Pan European Networks - Horizon 2020 - page 179

Progressive results
The NanoAthero project also conducts works for improving thrombolytic
therapy in ischaemic stroke. The incidence of stroke is increasing,
especially among young people and women. The tissue plasminogen
activator, a protein involved in the breakdown of blood clots, is used in
humans but has a short therapeutic window. The goal is to improve the
treatment by combining a nanosystem that would set specifically at the
thrombus to release the active ingredient without leaving the vascular
compartment. Other systems are being studied in the project to optimise
the nanosystems, including targeting agents or incorporation of other
drugs and contrast agents, for both imaging and therapeutic treatments.
In this new field of nanomedicine, there is a lot of research, but very few
products have yet to arrive at the bedside. NanoAthero aims to take profit
of nanodelivery components that have been preclinically validated and
transferred to proof-of-concept clinical trials. Thereby, NanoAthero
gathers experts with knowledge ranging from the design of nanosystems,
preclinical and clinical validations, through toxicology to industrial
development and production.
Over five years, the NanoAthero project will integrate several key
elements: good manufacturing practices in production; the initiation of
clinical investigations in patients at high cardiovascular risk, including
the preparation of dossiers on regulatory issues; risk and ethical
assessments; and the evaluation of the performance of optimised
diagnostic and therapeutic compounds. The NanoAthero consortium is
a unique opportunity to extend the frontiers of knowledge on
atherothrombosis management.
Although nanoparticle-based therapy is
becoming increasingly common in cancerology,
no specific nanoparticle-based system has yet
been approved for diagnosis or therapy in
cardiovascular diseases. Indeed, integrating a
transport mechanism and a stealth coating,
targeting an active molecule into one and the
same nanosystem has not yet been clinically
validated in the field of atherosclerosis.
NanoAthero
Europe is very competitive in the area of
nanomedicine, with more than 1,000 research
groups and 500 SMEs. Various initiatives have
been taken at European level to stimulate
translational research in nanotechnology. The
NanoAthero project, funded by the European
Commission through the Seventh Framework
Programme and undertaken at Hôpital Bichat-
Claude Bernard in Paris, France, includes the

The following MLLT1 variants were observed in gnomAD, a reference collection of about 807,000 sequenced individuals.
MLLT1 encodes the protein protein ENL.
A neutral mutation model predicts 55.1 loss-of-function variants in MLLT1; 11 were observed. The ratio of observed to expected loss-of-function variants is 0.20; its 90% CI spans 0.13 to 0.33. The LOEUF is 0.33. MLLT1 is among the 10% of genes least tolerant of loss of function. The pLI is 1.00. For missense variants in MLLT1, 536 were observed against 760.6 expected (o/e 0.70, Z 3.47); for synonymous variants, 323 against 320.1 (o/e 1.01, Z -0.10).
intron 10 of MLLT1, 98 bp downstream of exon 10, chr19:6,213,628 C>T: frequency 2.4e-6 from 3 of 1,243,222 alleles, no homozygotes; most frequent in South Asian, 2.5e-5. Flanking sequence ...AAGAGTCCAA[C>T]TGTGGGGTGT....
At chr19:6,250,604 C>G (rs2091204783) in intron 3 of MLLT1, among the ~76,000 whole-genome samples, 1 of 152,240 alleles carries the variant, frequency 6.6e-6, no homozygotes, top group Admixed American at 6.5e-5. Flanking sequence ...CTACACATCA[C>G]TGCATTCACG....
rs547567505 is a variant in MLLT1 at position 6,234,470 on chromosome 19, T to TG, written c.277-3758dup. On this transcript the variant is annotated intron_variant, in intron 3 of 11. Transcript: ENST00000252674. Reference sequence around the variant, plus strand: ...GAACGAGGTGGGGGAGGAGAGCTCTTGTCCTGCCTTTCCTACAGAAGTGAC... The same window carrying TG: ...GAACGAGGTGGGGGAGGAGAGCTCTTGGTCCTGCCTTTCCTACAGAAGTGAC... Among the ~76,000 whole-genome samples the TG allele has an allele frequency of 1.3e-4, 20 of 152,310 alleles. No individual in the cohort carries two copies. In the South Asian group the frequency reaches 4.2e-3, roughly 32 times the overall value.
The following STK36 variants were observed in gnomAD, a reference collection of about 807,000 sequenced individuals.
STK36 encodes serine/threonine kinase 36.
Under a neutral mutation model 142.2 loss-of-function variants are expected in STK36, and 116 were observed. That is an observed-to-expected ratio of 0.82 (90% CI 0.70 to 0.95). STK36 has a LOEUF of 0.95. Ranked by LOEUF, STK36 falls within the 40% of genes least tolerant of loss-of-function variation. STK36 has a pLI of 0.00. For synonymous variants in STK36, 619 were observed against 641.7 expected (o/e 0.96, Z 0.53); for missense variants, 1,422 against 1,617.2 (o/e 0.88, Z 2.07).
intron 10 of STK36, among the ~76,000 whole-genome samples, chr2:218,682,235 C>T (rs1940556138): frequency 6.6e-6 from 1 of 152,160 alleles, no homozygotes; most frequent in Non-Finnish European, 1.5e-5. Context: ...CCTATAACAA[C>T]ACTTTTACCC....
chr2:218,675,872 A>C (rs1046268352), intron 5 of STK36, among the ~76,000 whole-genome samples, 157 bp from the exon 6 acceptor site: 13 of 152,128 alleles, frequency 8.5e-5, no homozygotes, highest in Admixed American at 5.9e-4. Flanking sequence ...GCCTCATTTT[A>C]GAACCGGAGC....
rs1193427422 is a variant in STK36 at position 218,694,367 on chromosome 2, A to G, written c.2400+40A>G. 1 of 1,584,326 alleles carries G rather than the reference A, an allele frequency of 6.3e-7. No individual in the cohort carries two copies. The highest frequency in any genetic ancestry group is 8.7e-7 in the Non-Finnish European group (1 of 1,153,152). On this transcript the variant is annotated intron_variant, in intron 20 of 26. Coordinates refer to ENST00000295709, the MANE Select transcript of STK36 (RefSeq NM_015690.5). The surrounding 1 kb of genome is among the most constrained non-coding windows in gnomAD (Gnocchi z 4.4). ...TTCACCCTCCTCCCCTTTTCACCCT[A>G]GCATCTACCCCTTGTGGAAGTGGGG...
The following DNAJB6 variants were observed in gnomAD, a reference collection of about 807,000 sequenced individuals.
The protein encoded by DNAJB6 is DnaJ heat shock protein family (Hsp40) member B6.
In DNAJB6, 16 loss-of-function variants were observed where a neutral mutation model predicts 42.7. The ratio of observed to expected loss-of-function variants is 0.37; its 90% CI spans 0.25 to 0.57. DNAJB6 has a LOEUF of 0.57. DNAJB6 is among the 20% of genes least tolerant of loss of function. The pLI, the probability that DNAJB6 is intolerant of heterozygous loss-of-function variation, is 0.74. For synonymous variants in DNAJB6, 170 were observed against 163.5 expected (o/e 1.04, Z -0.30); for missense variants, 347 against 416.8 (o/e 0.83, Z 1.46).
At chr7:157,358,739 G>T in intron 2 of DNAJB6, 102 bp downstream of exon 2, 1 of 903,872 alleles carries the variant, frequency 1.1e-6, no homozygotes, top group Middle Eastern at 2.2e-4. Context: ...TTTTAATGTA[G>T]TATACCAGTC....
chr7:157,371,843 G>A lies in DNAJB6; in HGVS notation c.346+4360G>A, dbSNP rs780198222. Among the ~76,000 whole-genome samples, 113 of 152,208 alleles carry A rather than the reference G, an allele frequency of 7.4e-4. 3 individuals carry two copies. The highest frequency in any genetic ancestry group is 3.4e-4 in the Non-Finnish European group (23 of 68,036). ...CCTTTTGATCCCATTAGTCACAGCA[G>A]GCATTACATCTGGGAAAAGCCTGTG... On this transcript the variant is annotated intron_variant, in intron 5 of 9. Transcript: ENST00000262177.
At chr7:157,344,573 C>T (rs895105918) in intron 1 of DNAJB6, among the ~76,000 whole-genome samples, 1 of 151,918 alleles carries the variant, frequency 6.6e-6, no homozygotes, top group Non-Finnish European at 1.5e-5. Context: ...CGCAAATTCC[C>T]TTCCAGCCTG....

design of several nanosystems, their evaluation,
and clinical trials to evaluate the contribution of
nanosystems in the diagnosis and treatment of
atherosclerotic plaques and ischaemic stroke.
The NanoAthero project received €9.8m of EU
funding over five years, is intended for the
diagnosis of atherosclerotic plaque to prevent
cardiovascular diseases, including stroke, and
also relates to therapeutic uses for delivering
drugs in target tissues. NanoAthero gathers 16
partners from ten countries, including France,
Italy, Germany and Switzerland. Two clinical
trials have been co-ordinated with the
University Medical Center Amsterdam and
Utrecht University in the Netherlands, whilst in
France a further clinical trial will be conducted
at Bichat Hospital.
The first clinical trial began in the Netherlands
and included patients with carotid atheroma to
test the efficacy of a steroid (prednisolone)
encapsulated in pegylated liposomes. The
objective was to stabilise the plaque against
local inflammation. This intravenously
administered nanomedicine has proved its
efficacy in preclinical models of atherosclerosis.
A clinical trial should start at Bichat Hospital
before 2016 to evaluate a new imaging
technique for ischaemic stroke. It uses a
system developed from a polysaccharide
extracted from brown seaweed (fucoidan)
which specifically binds to P-selectin, a protein
expressed on the surface of platelets and
endothelial cells when they are activated.
Associated with 99mTc, this structure can
visualise thrombi in preclinical imaging by
SPECT scintigraphy. The idea is to detect early
thrombotic events.
Didier Letourneur, PhD
Inserm
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H E A L T H : D I S E A S E R E S E A R C H
Fig. 2 Multidisciplinary
approaches for the
translation to patients
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